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Irving Howe

Stalinists Continue to Run the AYC

Use Youth Anti-War Sentiment to Promote Their Own Ends

(July 1940)

From Labor Action, Vol. 4 No. 14, 15 July 1940, p. 2.
Transcribed & marked up by Einde O’Callaghan for the Encyclopaedia of Trotskyism On-Line (ETOL).

The 6th Annual Convention of the American Youth Congress ended this weekend with the question of its Stalinist control unchanged.

As in all previous Conventions of the AYC, the Young Communist League established decisive control by two methods: 1) electing large numbers of packed delegations from their paper “front” organizations who follow the “party line” on all crucial questions, and 2) by having their stooges in genuine youth organizations elected as delegates. In this manner, the Stalinists succeeded in giving the Congress a certain coloring of genuine youth representation, despite the numerous groups, such as Young Judea, which have withdrawn from the AYC.

Tunney Farce

This pose as the genuine spokesmen of American youth was made considerably easier by red-baiting attacks of Gene Tunney and his youth stooge, Murray Plavner, which were eagerly seized upon by the press. Many of the non-Stalinist delegates at this Congress were brought under Stalinist influence because they correctly resented the red-baiting of Tunney’s boys. And the Stalinists cleverly utilized this fact by inviting Tunney to speak and then mocking his refusal.

They thus succeeded in partially obscuring the ‘fact’ that they had steadily, since the organization of the AYC, acted in the most undemocratic manner towards delegates who opposed them from a progressive, anti-war point of view.

The decisive control established by the Stalinists can be clearly seen in the actions which the Congress took on the war question. The Convention held a year ago had taken the then Stalinist attitude on war: support of the capitalist democracies and endorsement of President Roosevelt’s “defense plans.” This, of course, was before the Hitler-Stalin pact. At this convention, the delegates swung sharply to the present Stalinist position: opposition to Roosevelt and the Allies, as a result of the Hitler-Stalin pact.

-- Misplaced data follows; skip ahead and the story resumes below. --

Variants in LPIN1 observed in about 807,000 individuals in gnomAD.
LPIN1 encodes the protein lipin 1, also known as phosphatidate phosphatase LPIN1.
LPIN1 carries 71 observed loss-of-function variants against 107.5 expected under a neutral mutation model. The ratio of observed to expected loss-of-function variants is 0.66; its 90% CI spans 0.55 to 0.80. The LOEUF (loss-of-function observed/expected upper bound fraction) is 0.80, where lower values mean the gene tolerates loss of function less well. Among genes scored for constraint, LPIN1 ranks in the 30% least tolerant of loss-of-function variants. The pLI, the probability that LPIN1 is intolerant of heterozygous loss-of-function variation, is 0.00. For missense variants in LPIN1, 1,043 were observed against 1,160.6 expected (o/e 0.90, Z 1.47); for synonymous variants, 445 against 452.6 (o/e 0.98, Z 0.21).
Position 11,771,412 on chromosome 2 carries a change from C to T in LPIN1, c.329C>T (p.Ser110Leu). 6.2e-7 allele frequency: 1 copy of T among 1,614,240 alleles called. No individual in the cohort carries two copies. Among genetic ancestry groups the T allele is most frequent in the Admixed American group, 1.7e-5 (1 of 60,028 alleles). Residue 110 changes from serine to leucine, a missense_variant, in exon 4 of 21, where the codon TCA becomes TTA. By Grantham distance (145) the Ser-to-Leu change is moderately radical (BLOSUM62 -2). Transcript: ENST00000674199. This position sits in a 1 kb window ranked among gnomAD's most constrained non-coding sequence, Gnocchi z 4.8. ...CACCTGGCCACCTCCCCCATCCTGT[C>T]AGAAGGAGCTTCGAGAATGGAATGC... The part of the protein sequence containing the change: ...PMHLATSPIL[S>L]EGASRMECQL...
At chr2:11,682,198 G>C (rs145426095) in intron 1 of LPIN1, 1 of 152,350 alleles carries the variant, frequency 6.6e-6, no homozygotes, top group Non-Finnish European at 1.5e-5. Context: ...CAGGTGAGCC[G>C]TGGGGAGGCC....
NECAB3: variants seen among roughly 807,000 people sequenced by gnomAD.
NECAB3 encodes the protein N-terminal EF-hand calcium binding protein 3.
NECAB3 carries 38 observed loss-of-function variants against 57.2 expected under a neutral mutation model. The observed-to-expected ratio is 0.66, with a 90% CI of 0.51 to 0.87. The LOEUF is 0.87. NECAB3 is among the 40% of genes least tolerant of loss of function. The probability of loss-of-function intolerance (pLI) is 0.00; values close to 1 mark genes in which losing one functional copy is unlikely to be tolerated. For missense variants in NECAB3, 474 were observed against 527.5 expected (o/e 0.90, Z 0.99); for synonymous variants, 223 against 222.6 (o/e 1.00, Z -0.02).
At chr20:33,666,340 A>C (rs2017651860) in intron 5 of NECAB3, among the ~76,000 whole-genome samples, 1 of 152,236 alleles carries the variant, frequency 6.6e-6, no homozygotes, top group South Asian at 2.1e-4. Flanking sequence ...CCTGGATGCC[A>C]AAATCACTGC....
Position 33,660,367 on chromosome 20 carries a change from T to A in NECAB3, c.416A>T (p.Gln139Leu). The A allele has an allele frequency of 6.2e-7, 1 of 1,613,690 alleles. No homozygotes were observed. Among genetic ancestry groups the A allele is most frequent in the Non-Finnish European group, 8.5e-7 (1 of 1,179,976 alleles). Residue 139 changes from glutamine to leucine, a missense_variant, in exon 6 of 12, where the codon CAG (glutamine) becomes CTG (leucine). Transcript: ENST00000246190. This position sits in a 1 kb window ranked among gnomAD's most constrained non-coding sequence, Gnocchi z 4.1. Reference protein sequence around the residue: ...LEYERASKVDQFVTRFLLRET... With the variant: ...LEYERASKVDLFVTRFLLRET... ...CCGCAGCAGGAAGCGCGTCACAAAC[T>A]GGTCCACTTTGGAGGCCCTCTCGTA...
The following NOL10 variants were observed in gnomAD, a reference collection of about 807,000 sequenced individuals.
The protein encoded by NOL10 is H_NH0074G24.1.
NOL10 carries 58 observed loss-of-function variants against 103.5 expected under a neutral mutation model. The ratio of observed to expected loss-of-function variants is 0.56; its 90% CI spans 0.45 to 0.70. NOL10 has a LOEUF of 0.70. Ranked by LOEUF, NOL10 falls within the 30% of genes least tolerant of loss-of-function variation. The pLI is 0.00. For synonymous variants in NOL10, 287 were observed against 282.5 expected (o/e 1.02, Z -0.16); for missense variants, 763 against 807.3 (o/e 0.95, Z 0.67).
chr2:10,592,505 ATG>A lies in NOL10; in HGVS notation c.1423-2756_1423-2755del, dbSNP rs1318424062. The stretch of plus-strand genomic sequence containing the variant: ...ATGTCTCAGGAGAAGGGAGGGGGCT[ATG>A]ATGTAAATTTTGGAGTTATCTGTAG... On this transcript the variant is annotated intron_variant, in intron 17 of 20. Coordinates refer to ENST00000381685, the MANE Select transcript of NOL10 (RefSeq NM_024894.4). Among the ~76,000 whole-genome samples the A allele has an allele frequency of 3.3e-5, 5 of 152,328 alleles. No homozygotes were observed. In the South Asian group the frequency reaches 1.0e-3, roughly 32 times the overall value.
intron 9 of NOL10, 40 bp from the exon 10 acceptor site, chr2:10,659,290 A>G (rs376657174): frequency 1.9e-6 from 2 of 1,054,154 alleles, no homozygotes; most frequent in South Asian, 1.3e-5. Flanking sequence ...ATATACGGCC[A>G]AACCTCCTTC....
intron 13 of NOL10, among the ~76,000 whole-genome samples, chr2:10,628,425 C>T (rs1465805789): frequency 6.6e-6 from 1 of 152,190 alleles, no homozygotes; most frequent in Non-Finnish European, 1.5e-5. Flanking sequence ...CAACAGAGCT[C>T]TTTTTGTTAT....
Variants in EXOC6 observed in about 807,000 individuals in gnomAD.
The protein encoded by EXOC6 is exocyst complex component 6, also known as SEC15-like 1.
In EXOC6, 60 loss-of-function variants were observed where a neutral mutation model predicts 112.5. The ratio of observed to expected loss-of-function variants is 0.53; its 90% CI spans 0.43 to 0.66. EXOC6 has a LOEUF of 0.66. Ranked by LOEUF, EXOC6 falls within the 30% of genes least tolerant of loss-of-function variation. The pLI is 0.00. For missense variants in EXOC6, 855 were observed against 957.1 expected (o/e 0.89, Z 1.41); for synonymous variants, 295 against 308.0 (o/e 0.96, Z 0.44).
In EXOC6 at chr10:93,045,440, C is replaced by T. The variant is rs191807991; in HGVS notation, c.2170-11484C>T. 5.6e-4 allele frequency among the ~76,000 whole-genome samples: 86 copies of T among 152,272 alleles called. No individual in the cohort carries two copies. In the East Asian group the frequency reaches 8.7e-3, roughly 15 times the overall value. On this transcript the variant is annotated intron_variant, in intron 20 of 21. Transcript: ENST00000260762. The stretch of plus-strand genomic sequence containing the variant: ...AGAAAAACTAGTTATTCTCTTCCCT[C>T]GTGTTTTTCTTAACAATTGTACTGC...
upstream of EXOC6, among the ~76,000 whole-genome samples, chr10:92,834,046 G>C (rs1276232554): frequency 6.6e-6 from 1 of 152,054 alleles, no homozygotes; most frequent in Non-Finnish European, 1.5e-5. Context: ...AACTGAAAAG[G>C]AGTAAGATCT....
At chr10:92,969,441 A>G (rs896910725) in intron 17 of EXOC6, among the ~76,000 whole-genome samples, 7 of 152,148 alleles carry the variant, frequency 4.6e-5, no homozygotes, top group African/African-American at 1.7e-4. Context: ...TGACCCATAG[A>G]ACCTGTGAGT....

In view of the fact that whatever genuine anti-war spokesmen were at the convention were unable to gain the floor in order to expose the hypocrisy of the Stalinists, many non-Stalinist delegates voted for their resolutions because they believed them to be motivated by real anti-war sentiment.

Further evidence of Stalinist control was seen in the defeat of a resolution which directly labeled the Soviet Union a dictatorship.

No Change in Line

Considerable excitement was created when Mac Weiss, leader of the Young Communist League, made a speech urging, an American-Soviet alliance to defeat Hitlerism. This was interpreted as a possible “change in line” by the Stalinists on the part of many delegates. Actually however, it was merely a clever statement of the present line of the Stalinists. They have always been in favor of an American-Soviet alliance and they were now merely stating it in such a manner as to try to show that they were not really pro-Hitler as charged.

The fervid anti-Hitler sentiment of the American people which was mirrored at the convention forced Weiss to toss in a few attacks to try to whitewash the present essentially pro-Hitler position of the Stalinists. On the issue of conscription the Congress took a wishy-washy position. It voted against military conscription, but prefaced the resolution by declaring itself ready to fight “for the defense of American democracy.” In view of the fact that any war America may conduct will be described as a war for democracy, the resolution is open to numerous pro-war interpretations.

There was only a small pro-Allied and pro-Roosevelt bloc at the Congress. This was led by Joe Lash, former Secretary of the American Student Union and formerly a Stalinist stooge in the student movement. Lash has shifted to the role of unofficial spokesman for the war administration of Washington inside the youth movement.

Despite the reactionary use to which it was put by the Stalinists, there was considerable genuine anti-war sentiment among the unaffiliated delegates. The organization as a whole, however, remains firmly in the hands of the Young Communist League which will attempt to use it as a front for its reactionary position.

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